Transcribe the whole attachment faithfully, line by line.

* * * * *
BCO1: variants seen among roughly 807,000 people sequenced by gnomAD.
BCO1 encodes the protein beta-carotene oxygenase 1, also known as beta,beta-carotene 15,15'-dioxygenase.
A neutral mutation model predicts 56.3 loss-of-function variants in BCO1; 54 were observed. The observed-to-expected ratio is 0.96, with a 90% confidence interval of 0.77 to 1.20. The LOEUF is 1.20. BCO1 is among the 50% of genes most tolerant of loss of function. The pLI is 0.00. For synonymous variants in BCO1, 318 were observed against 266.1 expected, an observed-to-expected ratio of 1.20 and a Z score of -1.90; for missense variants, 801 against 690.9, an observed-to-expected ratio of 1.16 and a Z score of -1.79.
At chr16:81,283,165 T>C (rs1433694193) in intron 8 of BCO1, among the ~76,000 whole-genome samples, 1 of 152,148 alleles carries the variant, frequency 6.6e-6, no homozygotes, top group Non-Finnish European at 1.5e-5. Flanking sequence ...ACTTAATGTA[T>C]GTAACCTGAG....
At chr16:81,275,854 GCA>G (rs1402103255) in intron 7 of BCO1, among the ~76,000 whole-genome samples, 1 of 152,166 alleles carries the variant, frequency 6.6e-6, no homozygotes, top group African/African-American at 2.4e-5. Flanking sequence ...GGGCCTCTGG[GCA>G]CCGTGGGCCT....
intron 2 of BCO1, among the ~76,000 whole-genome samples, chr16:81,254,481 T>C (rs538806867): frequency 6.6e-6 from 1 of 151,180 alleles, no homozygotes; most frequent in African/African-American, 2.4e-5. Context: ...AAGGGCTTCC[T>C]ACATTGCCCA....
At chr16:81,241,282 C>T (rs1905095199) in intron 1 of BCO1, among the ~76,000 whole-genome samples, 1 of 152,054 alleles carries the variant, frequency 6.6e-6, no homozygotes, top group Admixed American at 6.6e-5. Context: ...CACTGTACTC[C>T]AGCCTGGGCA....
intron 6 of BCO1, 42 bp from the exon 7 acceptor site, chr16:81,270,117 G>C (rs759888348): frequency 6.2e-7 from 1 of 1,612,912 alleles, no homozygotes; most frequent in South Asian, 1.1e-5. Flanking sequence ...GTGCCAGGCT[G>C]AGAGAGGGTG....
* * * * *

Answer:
BCO1: variants seen among roughly 807,000 people sequenced by gnomAD.
BCO1 encodes the protein beta-carotene oxygenase 1, also known as beta,beta-carotene 15,15'-dioxygenase.
A neutral mutation model predicts 56.3 loss-of-function variants in BCO1; 54 were observed. The observed-to-expected ratio is 0.96, with a 90% confidence interval of 0.77 to 1.20. The LOEUF is 1.20. BCO1 is among the 50% of genes most tolerant of loss of function. The pLI is 0.00. For synonymous variants in BCO1, 318 were observed against 266.1 expected, an observed-to-expected ratio of 1.20 and a Z score of -1.90; for missense variants, 801 against 690.9, an observed-to-expected ratio of 1.16 and a Z score of -1.79.
At chr16:81,283,165 T>C (rs1433694193) in intron 8 of BCO1, among the ~76,000 whole-genome samples, 1 of 152,148 alleles carries the variant, frequency 6.6e-6, no homozygotes, top group Non-Finnish European at 1.5e-5. Flanking sequence ...ACTTAATGTA[T>C]GTAACCTGAG....
At chr16:81,275,854 GCA>G (rs1402103255) in intron 7 of BCO1, among the ~76,000 whole-genome samples, 1 of 152,166 alleles carries the variant, frequency 6.6e-6, no homozygotes, top group African/African-American at 2.4e-5. Flanking sequence ...GGGCCTCTGG[GCA>G]CCGTGGGCCT....
intron 2 of BCO1, among the ~76,000 whole-genome samples, chr16:81,254,481 T>C (rs538806867): frequency 6.6e-6 from 1 of 151,180 alleles, no homozygotes; most frequent in African/African-American, 2.4e-5. Context: ...AAGGGCTTCC[T>C]ACATTGCCCA....
At chr16:81,241,282 C>T (rs1905095199) in intron 1 of BCO1, among the ~76,000 whole-genome samples, 1 of 152,054 alleles carries the variant, frequency 6.6e-6, no homozygotes, top group Admixed American at 6.6e-5. Context: ...CACTGTACTC[C>T]AGCCTGGGCA....
intron 6 of BCO1, 42 bp from the exon 7 acceptor site, chr16:81,270,117 G>C (rs759888348): frequency 6.2e-7 from 1 of 1,612,912 alleles, no homozygotes; most frequent in South Asian, 1.1e-5. Flanking sequence ...GTGCCAGGCT[G>C]AGAGAGGGTG....